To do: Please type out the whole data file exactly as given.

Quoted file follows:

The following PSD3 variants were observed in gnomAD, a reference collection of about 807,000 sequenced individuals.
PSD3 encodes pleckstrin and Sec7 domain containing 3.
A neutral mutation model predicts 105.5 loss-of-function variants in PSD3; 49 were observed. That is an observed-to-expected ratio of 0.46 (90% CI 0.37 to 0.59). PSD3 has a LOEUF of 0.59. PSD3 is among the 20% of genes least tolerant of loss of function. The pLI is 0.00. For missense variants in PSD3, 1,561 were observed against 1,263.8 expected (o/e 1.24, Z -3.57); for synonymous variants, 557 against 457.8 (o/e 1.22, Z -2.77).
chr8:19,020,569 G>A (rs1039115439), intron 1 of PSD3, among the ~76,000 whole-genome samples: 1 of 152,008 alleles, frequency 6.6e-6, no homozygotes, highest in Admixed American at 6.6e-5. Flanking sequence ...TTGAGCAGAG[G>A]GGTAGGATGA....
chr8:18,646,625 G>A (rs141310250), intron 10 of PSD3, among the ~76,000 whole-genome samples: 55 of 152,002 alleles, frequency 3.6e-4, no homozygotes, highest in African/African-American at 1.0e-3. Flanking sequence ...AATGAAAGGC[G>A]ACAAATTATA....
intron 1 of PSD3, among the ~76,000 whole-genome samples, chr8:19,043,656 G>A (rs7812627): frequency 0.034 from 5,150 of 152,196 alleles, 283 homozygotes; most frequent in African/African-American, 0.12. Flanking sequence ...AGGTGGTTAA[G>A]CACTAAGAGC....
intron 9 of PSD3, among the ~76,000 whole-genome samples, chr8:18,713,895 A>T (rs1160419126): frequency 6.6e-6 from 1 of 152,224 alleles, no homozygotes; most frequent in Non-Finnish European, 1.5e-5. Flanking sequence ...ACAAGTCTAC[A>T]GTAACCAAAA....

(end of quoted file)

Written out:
The following PSD3 variants were observed in gnomAD, a reference collection of about 807,000 sequenced individuals.
PSD3 encodes pleckstrin and Sec7 domain containing 3.
A neutral mutation model predicts 105.5 loss-of-function variants in PSD3; 49 were observed. That is an observed-to-expected ratio of 0.46 (90% CI 0.37 to 0.59). PSD3 has a LOEUF of 0.59. PSD3 is among the 20% of genes least tolerant of loss of function. The pLI is 0.00. For missense variants in PSD3, 1,561 were observed against 1,263.8 expected (o/e 1.24, Z -3.57); for synonymous variants, 557 against 457.8 (o/e 1.22, Z -2.77).
chr8:19,020,569 G>A (rs1039115439), intron 1 of PSD3, among the ~76,000 whole-genome samples: 1 of 152,008 alleles, frequency 6.6e-6, no homozygotes, highest in Admixed American at 6.6e-5. Flanking sequence ...TTGAGCAGAG[G>A]GGTAGGATGA....
chr8:18,646,625 G>A (rs141310250), intron 10 of PSD3, among the ~76,000 whole-genome samples: 55 of 152,002 alleles, frequency 3.6e-4, no homozygotes, highest in African/African-American at 1.0e-3. Flanking sequence ...AATGAAAGGC[G>A]ACAAATTATA....
intron 1 of PSD3, among the ~76,000 whole-genome samples, chr8:19,043,656 G>A (rs7812627): frequency 0.034 from 5,150 of 152,196 alleles, 283 homozygotes; most frequent in African/African-American, 0.12. Flanking sequence ...AGGTGGTTAA[G>A]CACTAAGAGC....
intron 9 of PSD3, among the ~76,000 whole-genome samples, chr8:18,713,895 A>T (rs1160419126): frequency 6.6e-6 from 1 of 152,224 alleles, no homozygotes; most frequent in Non-Finnish European, 1.5e-5. Flanking sequence ...ACAAGTCTAC[A>T]GTAACCAAAA....